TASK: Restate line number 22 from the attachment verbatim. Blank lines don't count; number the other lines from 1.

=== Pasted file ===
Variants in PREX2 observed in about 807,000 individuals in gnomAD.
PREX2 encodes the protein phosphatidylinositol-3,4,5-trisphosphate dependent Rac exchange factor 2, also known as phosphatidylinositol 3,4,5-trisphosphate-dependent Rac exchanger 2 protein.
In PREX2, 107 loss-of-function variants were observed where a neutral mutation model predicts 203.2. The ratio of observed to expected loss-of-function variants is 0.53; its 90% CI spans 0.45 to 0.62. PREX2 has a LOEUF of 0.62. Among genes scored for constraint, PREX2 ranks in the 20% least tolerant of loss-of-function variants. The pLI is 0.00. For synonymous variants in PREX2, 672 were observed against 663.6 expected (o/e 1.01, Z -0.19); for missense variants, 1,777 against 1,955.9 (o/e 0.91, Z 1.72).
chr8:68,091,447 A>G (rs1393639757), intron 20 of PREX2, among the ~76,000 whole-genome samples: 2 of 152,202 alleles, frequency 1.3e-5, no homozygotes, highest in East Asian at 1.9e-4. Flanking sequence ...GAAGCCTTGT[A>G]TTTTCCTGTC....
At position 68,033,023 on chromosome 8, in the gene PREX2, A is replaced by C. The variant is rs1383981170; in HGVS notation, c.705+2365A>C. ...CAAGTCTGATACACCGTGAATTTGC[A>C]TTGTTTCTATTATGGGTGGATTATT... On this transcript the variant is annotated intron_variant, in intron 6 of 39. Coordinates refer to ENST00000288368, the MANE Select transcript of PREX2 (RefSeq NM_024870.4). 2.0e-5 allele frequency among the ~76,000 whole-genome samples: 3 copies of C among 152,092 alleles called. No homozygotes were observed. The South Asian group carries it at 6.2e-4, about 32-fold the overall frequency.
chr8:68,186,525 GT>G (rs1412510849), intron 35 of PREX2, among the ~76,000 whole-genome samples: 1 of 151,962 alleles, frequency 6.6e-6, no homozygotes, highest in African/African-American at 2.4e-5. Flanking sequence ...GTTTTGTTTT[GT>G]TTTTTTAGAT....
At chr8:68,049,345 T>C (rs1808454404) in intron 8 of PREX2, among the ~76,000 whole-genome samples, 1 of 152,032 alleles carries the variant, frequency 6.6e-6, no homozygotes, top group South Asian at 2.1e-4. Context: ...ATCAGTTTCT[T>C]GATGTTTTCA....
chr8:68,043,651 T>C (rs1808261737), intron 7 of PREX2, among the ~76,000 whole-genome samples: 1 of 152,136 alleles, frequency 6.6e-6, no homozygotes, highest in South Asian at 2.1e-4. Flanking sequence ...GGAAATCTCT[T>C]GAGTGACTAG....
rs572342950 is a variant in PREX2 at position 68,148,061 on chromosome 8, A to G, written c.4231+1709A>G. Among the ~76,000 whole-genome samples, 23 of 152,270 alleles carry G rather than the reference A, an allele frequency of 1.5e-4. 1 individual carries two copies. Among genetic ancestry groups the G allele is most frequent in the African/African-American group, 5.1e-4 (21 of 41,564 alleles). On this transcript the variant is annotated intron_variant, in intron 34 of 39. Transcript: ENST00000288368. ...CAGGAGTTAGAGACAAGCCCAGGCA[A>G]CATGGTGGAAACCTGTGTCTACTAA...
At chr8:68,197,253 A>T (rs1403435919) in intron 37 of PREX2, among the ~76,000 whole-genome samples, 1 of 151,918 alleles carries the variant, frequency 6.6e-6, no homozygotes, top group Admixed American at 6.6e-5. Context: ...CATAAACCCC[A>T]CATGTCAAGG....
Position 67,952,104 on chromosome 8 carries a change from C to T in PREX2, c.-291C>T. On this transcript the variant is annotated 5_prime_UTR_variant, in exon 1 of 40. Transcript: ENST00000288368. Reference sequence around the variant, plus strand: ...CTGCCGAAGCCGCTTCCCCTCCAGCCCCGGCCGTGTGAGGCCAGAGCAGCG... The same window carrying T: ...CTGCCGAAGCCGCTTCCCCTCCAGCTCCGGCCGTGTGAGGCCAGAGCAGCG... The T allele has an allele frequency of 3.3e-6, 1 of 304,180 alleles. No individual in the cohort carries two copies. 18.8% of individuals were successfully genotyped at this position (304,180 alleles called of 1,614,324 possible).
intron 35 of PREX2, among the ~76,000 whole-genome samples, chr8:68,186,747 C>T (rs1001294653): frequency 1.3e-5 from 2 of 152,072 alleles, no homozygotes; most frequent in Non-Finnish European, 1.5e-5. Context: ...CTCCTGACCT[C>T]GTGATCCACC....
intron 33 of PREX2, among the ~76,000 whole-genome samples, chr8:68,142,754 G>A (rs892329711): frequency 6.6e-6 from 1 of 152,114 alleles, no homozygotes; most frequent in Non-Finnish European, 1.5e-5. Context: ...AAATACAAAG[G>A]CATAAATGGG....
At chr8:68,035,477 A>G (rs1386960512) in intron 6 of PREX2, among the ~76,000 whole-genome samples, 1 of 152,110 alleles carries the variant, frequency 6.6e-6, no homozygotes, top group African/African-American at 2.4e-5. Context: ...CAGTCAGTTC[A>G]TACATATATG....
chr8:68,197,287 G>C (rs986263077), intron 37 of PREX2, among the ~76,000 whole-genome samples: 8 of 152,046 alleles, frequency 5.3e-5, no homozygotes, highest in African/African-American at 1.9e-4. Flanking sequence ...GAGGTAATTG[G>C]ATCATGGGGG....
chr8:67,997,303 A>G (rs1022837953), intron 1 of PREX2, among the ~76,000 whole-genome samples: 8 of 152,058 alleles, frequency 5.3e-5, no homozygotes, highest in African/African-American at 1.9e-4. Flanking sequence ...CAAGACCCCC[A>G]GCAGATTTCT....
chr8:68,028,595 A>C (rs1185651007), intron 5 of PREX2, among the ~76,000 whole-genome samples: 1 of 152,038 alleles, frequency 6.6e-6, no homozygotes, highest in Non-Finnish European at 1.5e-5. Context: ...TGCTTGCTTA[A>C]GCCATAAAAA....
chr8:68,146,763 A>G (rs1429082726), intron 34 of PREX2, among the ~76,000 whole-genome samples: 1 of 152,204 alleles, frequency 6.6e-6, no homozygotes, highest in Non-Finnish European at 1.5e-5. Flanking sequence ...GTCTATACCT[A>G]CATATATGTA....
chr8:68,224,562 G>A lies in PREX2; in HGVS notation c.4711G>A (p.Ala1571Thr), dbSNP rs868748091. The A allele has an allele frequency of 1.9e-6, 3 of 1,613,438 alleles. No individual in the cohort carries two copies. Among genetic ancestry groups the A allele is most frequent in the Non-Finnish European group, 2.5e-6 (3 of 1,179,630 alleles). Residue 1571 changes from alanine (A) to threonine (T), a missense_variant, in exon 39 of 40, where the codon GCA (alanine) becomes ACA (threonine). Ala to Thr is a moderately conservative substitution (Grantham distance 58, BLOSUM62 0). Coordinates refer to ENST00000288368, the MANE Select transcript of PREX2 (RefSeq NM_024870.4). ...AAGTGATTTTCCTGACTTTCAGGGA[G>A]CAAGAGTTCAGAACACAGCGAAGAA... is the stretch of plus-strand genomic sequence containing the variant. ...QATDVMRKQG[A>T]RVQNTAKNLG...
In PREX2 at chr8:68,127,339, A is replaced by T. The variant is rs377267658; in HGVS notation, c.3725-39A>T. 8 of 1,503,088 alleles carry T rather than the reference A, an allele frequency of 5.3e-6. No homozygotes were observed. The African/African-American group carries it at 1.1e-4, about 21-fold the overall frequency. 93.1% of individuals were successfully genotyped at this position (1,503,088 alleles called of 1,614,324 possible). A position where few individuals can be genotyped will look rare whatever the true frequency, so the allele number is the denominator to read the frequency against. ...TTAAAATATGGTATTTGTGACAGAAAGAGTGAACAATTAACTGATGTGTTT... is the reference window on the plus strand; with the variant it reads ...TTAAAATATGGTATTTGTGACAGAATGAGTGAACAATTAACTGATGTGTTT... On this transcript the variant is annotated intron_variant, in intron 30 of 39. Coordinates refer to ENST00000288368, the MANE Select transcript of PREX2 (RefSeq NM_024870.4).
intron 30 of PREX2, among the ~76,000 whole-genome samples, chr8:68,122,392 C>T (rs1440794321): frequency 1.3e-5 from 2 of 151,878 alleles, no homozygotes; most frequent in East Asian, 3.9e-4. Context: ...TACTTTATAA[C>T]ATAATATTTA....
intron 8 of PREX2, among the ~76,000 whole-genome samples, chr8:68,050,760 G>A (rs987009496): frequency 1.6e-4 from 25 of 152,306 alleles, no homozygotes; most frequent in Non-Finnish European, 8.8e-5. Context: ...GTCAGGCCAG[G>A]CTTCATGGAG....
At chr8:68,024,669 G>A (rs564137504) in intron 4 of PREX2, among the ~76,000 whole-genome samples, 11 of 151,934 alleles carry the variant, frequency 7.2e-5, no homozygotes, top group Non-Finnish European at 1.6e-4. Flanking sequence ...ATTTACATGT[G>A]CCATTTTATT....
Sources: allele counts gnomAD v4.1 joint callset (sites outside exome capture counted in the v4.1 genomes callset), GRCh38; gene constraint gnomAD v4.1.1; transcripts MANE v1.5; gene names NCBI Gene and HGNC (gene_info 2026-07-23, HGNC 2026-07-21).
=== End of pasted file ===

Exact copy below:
intron 8 of PREX2, among the ~76,000 whole-genome samples, chr8:68,050,760 G>A (rs987009496): frequency 1.6e-4 from 25 of 152,306 alleles, no homozygotes; most frequent in Non-Finnish European, 8.8e-5. Context: ...GTCAGGCCAG[G>A]CTTCATGGAG....